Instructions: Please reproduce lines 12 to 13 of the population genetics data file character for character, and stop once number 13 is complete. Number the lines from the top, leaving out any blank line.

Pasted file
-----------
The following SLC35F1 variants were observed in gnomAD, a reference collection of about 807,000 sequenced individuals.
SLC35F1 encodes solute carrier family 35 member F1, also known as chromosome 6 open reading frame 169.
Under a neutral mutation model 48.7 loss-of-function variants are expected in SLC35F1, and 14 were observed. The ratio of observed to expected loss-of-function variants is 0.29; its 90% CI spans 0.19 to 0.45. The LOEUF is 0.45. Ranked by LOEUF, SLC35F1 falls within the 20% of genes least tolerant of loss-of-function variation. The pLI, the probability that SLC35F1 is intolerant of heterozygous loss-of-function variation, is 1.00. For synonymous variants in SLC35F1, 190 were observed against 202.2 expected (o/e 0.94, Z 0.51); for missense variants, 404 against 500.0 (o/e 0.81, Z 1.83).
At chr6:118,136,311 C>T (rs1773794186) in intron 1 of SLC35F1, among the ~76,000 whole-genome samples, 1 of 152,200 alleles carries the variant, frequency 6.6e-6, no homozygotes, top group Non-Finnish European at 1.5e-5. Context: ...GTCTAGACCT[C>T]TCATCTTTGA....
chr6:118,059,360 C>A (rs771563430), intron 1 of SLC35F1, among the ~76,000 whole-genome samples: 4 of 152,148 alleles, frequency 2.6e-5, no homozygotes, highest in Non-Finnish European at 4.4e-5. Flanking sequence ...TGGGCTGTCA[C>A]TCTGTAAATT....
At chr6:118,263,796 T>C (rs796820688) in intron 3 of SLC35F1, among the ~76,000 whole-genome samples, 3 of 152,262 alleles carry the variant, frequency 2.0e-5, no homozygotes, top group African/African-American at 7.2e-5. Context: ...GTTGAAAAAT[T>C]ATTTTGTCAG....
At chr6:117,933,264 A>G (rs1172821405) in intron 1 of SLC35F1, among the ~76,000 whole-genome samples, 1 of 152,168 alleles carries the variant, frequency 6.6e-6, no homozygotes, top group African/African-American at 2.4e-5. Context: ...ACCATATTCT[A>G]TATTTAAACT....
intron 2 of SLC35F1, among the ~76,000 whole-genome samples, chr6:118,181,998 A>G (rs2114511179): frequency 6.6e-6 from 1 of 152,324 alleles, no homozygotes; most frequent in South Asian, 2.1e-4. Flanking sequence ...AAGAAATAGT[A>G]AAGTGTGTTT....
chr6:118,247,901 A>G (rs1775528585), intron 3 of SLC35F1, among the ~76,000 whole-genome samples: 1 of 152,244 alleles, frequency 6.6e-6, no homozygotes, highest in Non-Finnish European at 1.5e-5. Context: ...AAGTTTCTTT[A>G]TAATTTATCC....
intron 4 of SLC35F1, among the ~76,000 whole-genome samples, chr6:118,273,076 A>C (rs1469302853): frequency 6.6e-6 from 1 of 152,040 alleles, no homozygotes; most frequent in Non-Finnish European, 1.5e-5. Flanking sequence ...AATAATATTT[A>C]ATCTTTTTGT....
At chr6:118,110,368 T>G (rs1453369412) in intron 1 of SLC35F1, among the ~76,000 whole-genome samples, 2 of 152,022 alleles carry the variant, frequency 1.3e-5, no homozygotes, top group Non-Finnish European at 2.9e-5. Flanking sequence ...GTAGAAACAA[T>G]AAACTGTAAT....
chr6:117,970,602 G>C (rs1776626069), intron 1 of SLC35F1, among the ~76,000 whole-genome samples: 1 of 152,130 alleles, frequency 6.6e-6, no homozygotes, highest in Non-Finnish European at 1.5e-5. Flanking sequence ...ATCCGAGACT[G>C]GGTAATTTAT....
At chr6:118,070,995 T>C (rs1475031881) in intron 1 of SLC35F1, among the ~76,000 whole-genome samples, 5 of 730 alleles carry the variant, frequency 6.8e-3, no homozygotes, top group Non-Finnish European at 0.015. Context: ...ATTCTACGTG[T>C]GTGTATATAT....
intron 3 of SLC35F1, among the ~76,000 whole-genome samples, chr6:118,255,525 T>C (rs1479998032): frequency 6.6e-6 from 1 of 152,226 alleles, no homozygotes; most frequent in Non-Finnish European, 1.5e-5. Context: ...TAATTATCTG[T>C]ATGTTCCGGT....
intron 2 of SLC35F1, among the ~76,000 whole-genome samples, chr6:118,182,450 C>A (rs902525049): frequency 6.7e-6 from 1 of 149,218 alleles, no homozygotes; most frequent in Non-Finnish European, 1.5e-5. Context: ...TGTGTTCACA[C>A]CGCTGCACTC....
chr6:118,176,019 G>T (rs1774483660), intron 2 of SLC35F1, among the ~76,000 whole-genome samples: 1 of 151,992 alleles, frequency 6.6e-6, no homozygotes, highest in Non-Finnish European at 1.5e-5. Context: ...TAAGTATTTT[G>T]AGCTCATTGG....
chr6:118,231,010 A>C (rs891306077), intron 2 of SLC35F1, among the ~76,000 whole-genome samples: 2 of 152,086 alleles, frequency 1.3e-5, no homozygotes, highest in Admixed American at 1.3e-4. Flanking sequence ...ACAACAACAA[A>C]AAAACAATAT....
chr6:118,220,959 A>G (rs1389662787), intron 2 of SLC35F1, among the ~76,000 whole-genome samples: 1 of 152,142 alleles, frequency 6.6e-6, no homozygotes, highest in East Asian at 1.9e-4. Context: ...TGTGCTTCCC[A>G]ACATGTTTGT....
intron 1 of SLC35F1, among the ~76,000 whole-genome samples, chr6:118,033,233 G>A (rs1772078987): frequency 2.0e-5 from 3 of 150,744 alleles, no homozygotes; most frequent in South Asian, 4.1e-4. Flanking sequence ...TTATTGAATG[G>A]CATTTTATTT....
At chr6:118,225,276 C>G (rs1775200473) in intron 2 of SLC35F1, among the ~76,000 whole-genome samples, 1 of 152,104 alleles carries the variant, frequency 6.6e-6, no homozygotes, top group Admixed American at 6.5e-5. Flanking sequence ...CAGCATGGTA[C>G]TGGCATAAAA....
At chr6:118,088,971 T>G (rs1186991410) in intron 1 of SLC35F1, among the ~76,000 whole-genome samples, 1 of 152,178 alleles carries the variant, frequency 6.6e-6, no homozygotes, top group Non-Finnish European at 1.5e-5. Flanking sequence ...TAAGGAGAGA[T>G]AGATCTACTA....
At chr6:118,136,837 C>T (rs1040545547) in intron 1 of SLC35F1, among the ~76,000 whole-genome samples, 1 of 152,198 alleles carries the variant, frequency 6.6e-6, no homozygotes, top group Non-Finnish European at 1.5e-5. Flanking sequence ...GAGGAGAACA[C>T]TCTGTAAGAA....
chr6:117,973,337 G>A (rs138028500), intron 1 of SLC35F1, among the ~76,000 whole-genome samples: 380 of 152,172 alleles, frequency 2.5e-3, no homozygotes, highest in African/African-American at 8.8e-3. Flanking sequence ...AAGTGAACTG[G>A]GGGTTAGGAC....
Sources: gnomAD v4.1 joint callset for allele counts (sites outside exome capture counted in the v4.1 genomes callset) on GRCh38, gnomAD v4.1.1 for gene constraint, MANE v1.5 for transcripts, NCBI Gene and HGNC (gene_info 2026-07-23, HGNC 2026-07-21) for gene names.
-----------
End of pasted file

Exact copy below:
chr6:117,970,602 G>C (rs1776626069), intron 1 of SLC35F1, among the ~76,000 whole-genome samples: 1 of 152,130 alleles, frequency 6.6e-6, no homozygotes, highest in Non-Finnish European at 1.5e-5. Flanking sequence ...ATCCGAGACT[G>C]GGTAATTTAT....
At chr6:118,070,995 T>C (rs1475031881) in intron 1 of SLC35F1, among the ~76,000 whole-genome samples, 5 of 730 alleles carry the variant, frequency 6.8e-3, no homozygotes, top group Non-Finnish European at 0.015. Context: ...ATTCTACGTG[T>C]GTGTATATAT....